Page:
Step 16: Electronics time

Picture of Electronics time
With the heavy-duty construction out of the way, it's time to focus on electronics.

Since I didn't have budget for a motor controller, I decided to use relays to control the motors. Relays only allow for the motor to run at one speed, but that's the price you pay for a cheap controller circuit (no pun intended).

For the robot's brain, I used an Arduino mircocontroller, which is a cheap, open source microcontroller. Tons of documentation exists for this controller, and it is very easy to use (speaking as a mechanical engineering student who had no microcontroller experience prior to this past semester).

Since the relays being used are 12 V, they can't just be controlled with a direct output from the Arduino (which has a max voltage output of 5 V). Transistors connected to pins on the Arduino must be used to send the 12 V (which will be pulled from the lead acid batteries) to the relays.

You can download the motor control schematic below. The schematic was made using CadSoft's EAGLE layout program. It is available as freeware. The wiring for the joystick and switches/buttons is not included because it is very basic (the joystick just triggers four switches; a very simple design). There's a tutorial here if you're interested in learning how to properly wire a switch or push button into a microcontroller.

You'll notice there are resistors connected to the base of each transistor. You'll need to do some calculations to determine what value this resistor should be. This website is a good resource for determining this resistor value.

*Disclaimer* I'm no electrical engineer. I have a somewhat cursory understanding of electronics, so I'm going to have to gloss over the details in this step. I did learn a lot from my class, Making Things Interactive, as well as tutorials like this one from the Arduino Website. The motor schematic, which I drew, was actually designed by CMU Robotics Club Vice President Austin Buchan, who assisted me a great deal with all of the electrical aspects of this project.
motor_schematic.pdf(792x612) 13 KB
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sir please send microcontroler circuit
rpantaleo (author)  manojkumar60274 years ago
I'm afraid the only circuit/schematic I have is the one in Step 16. Sorry.
can u upload a pdf file of microcontroler and relays because i am not good in electronics and it is confusing and i am new in robotics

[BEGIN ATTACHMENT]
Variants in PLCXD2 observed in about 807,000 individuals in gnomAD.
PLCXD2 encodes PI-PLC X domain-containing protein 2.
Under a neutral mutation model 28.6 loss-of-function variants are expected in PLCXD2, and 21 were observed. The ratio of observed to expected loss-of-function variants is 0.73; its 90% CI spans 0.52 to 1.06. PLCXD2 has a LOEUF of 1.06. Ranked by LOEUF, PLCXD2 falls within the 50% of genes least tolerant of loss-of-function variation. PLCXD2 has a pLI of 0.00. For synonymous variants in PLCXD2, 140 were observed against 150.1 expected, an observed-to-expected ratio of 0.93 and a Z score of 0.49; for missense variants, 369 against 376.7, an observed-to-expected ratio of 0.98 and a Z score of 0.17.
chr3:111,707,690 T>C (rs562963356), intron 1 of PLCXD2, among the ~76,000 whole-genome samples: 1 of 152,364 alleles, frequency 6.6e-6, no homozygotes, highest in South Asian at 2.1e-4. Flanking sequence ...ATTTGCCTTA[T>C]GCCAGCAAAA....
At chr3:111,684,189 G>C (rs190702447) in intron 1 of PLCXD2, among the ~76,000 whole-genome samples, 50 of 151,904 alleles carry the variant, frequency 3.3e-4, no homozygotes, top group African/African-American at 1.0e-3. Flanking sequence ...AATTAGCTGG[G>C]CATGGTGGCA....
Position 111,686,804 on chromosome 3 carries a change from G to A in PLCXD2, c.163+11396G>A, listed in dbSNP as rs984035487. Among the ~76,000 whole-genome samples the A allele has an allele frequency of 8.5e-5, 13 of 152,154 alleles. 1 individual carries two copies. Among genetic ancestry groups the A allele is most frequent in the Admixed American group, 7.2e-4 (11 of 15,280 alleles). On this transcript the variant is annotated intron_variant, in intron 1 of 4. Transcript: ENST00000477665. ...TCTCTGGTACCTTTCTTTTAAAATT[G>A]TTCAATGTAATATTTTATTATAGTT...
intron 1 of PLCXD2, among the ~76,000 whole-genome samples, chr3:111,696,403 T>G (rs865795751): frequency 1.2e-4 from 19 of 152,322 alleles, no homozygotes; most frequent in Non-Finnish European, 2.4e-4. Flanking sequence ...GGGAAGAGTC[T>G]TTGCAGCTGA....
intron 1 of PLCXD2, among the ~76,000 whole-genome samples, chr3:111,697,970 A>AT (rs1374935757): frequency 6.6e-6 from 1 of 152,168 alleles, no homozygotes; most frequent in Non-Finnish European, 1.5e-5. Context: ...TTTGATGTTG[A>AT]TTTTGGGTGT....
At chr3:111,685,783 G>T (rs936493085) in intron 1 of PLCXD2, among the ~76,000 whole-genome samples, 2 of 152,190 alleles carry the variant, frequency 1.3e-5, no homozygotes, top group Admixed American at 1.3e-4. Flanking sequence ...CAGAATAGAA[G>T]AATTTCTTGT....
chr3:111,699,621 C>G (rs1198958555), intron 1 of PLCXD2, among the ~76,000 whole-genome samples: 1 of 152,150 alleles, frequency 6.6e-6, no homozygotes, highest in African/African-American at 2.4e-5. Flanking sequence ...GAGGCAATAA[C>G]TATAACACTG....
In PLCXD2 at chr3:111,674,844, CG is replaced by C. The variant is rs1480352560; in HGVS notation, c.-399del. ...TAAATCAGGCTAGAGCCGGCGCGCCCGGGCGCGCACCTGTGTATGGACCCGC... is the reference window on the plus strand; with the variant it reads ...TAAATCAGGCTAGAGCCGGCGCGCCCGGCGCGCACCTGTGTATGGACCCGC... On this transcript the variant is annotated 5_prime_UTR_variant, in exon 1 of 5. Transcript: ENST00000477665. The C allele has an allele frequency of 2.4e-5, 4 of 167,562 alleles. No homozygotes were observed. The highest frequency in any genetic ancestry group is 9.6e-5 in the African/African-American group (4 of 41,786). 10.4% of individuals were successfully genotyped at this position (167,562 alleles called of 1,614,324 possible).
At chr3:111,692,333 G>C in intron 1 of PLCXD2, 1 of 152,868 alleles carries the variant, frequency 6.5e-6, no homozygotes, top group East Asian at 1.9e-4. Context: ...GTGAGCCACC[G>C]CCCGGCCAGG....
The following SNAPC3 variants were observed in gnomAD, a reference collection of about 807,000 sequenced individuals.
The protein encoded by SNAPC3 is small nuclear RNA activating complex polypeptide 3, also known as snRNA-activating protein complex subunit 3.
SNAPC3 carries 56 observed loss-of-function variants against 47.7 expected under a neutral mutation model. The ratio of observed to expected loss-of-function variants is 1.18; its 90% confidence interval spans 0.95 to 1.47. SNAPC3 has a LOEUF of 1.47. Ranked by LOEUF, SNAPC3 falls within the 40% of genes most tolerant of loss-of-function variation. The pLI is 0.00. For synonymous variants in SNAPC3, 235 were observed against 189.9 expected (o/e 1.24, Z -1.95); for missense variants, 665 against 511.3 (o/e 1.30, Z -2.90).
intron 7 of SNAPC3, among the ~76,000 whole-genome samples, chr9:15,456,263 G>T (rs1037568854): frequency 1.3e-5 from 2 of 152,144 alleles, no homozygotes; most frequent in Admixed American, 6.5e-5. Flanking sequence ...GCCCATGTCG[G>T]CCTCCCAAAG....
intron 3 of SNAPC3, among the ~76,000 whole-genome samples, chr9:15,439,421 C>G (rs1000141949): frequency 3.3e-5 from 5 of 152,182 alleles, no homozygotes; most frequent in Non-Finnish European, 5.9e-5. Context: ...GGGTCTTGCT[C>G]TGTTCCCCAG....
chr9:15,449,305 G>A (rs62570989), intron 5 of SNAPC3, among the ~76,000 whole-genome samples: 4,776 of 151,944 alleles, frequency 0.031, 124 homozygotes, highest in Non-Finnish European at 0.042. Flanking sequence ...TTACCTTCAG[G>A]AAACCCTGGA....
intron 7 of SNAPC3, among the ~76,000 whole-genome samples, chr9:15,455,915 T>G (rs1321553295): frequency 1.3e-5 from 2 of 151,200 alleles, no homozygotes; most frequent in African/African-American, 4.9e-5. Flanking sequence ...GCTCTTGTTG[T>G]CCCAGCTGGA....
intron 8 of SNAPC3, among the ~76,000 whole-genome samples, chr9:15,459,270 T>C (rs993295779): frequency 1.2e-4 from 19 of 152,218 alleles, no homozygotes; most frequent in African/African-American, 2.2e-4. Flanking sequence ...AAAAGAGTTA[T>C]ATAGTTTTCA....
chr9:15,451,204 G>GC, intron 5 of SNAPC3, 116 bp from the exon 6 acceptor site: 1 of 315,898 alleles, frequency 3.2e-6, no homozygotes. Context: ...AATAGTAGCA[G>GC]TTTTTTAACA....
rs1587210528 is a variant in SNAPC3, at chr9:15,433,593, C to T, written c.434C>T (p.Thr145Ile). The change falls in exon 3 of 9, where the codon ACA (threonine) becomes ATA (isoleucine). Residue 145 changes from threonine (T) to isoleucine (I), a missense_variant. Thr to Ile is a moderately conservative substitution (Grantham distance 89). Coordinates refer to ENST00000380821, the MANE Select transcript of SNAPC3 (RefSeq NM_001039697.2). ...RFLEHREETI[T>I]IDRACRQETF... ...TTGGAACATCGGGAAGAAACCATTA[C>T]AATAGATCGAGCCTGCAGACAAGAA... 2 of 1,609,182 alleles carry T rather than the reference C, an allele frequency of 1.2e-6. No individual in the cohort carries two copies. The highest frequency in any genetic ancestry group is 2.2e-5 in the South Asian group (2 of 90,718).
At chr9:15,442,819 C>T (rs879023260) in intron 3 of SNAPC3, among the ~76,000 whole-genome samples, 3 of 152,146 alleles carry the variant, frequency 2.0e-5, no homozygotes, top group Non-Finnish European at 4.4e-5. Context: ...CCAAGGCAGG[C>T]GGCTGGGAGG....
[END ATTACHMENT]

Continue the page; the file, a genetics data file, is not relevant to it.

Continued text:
I loved your project, and your presentation/explanation was very clear and well laid out, so thanks. I'm just starting to use arduino, and learning about motor control. One question I have about how you handled wiring the controller has to do with the amperage and how you bridge the low current of the arduino and the high current of the motor/battery? I get the general idea, but maybe you could give some specifics on the transistors used, the amp rating on the motor, etc? I'm following you thru most of this but get lost on that point (sorry: I'm only just learning this stuff). Thanks for any help you can give
rpantaleo (author)  banksviolette4 years ago

Ok, let's see if I can explain this (electronics are certainly not my forte!)

I'll make it simpler and explain a circuit that will just turn one motor on or off. One of these motors could draw a lot of current, in this case we are limited to 30 amps due to the fuse between the battery and the motor. 30 amps is a lot of current and is far too much for any component of the Arduino to handle. So, we need an intermediate device between the Arduino and the motor.

For this, we want a relay, which is essentially an electronically controlled switch. A simple relay would have pins for connecting the high current lines, as well as a pin or pins for connecting to the Arduino. The switching of the relay is done electromagnetically; the Arduino sends a signal to the relay and this signal energizes a coil, which switches the relay on or off.

For hexabot, the relays I chose required 12V to switch. However, the output pins on the Arduino can only put out a maximum of 5V. So, we need another intermediate device to switch the relays. For this, you could use another set of relays (that only need 5V to switch) or a transistor (which can be used as a switch). 

I chose a transistor because they take up less space on a circuit board than a relay and are a little easier to wire up. I would use a TIP120 NPN transistor. Here's a simple wiring diagram showing a TIP120 controlling a low current motor with and Arduino.

The 12V running through the transistor is sourced from the same battery that powers the motors, but the circuit is separate so it will only pull a small amount of current through the transistor (whatever the coil draws in the relay).

Hope this helps.
Don.Jambo6 years ago
The automotive relays are have 4 pins or more?
Don.Jambo6 years ago
And about the joystick: any joystick is good (PC gaming, alarm systems, toys, machinery) or you have to use a wheel chair joystick? Thx
Don.Jambo6 years ago
Which Arduino mircocontroller did you use?! the Arduino Mega or the Arduino Duemilanove? I cannot see that in the pics, and you didn't specify what model! Please let me know as soon as possible, cause I want to order it! Thanks, and Great Project! DonJambo